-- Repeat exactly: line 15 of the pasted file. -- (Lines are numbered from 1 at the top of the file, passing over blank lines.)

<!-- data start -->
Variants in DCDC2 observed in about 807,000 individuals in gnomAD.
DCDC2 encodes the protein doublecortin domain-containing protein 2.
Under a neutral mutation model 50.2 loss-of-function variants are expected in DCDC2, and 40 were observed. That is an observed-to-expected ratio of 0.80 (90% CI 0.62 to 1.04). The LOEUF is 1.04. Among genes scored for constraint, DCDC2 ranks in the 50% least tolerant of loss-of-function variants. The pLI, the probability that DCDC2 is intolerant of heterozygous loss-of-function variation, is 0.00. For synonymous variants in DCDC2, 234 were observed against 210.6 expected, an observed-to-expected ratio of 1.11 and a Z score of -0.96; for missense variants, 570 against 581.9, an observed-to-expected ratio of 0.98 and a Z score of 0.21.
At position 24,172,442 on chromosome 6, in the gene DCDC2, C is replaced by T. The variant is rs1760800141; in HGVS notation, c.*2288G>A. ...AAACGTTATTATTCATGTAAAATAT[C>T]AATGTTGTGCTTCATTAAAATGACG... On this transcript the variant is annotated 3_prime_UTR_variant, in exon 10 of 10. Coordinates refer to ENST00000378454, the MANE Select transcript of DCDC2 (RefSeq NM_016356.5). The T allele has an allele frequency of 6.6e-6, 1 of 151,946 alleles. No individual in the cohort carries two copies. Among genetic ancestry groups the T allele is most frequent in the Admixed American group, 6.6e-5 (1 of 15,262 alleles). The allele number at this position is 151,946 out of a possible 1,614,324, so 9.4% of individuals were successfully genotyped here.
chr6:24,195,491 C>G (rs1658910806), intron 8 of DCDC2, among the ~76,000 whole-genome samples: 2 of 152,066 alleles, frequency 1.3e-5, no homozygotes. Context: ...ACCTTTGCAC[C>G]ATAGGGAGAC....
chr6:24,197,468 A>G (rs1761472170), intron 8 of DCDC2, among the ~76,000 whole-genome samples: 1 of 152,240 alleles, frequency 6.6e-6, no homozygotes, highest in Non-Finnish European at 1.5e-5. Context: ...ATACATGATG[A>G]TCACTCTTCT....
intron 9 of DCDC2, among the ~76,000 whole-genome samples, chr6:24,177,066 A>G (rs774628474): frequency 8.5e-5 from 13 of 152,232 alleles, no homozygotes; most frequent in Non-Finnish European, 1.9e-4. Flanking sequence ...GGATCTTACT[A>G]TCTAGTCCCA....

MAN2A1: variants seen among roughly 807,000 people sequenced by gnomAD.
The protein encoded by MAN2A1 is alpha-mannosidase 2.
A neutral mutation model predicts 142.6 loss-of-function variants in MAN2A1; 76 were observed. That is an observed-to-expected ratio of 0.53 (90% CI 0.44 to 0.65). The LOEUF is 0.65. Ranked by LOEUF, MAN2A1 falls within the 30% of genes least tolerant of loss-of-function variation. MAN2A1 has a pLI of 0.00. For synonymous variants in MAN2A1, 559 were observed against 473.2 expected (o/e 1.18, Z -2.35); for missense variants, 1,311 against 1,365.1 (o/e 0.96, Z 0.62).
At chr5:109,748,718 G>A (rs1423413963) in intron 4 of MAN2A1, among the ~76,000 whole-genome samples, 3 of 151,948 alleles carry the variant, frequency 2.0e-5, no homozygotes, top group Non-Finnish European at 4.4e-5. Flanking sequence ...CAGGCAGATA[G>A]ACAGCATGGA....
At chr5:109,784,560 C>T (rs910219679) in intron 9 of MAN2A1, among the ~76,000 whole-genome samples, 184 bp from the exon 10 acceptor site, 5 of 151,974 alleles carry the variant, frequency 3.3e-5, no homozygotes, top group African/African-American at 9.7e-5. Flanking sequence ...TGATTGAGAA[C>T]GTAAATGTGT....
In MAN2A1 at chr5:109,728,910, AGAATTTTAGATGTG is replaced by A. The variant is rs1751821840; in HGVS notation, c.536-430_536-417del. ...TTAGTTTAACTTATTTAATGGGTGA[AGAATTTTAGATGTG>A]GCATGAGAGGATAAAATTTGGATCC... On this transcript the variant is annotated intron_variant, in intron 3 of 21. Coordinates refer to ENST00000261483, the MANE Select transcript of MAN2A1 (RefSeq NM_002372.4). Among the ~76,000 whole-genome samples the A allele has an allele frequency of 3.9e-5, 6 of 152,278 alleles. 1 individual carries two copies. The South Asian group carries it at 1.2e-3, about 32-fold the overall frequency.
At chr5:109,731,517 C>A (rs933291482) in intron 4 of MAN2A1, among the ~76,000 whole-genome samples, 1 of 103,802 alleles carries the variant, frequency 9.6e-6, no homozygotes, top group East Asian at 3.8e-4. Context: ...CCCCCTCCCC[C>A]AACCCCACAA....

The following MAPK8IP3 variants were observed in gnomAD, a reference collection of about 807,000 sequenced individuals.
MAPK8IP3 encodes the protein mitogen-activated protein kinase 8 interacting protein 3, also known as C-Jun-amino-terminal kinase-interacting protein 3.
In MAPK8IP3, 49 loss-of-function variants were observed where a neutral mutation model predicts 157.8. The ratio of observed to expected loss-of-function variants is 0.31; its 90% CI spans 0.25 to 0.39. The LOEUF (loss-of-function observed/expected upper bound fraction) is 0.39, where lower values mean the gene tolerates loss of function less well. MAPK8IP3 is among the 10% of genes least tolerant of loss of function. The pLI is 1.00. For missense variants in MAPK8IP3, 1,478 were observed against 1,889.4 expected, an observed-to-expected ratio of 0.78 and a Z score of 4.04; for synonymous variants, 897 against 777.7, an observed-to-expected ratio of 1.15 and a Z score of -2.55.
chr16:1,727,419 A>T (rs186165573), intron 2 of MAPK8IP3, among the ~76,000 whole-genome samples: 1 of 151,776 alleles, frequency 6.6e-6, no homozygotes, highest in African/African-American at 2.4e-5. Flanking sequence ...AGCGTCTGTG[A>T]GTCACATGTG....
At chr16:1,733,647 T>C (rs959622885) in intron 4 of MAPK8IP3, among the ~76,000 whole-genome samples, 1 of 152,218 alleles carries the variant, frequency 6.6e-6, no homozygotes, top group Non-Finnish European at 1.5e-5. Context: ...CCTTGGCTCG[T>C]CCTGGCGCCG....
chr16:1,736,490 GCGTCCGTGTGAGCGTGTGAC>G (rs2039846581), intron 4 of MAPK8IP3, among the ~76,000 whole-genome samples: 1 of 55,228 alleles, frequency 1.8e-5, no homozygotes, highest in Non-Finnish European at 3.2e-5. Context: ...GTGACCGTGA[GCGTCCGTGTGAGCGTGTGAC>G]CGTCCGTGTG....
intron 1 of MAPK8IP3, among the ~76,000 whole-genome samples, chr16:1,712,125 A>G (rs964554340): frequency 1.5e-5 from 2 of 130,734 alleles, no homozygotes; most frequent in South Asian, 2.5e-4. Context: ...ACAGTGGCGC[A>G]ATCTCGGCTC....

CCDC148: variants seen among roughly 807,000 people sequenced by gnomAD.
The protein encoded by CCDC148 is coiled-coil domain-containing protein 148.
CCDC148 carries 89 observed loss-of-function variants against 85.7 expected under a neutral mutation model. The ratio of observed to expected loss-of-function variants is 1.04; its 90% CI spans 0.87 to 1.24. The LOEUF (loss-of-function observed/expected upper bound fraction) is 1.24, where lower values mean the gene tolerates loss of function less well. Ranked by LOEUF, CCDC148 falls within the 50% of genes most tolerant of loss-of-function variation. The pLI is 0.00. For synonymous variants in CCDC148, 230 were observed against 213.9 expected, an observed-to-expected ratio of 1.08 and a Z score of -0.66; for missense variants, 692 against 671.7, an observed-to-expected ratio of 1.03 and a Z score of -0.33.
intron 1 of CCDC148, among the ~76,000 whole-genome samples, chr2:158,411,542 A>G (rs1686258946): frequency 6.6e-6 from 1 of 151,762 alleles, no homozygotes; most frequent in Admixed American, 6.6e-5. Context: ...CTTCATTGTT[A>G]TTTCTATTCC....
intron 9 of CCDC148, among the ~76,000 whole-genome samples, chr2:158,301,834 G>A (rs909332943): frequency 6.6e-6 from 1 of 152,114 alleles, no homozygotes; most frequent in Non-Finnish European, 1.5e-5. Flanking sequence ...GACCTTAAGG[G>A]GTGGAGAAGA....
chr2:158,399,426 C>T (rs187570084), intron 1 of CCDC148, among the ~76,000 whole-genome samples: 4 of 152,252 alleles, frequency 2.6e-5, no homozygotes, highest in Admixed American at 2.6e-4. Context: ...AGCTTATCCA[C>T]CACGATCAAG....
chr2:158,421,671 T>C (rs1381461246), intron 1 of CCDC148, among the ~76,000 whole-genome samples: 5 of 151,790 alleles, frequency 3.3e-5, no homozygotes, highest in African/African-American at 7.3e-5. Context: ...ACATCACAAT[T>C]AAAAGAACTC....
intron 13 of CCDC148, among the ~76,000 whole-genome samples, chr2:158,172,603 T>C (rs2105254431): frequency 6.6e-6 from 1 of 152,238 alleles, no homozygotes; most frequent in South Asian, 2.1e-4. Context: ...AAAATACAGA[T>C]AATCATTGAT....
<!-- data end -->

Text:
The following MAPK8IP3 variants were observed in gnomAD, a reference collection of about 807,000 sequenced individuals.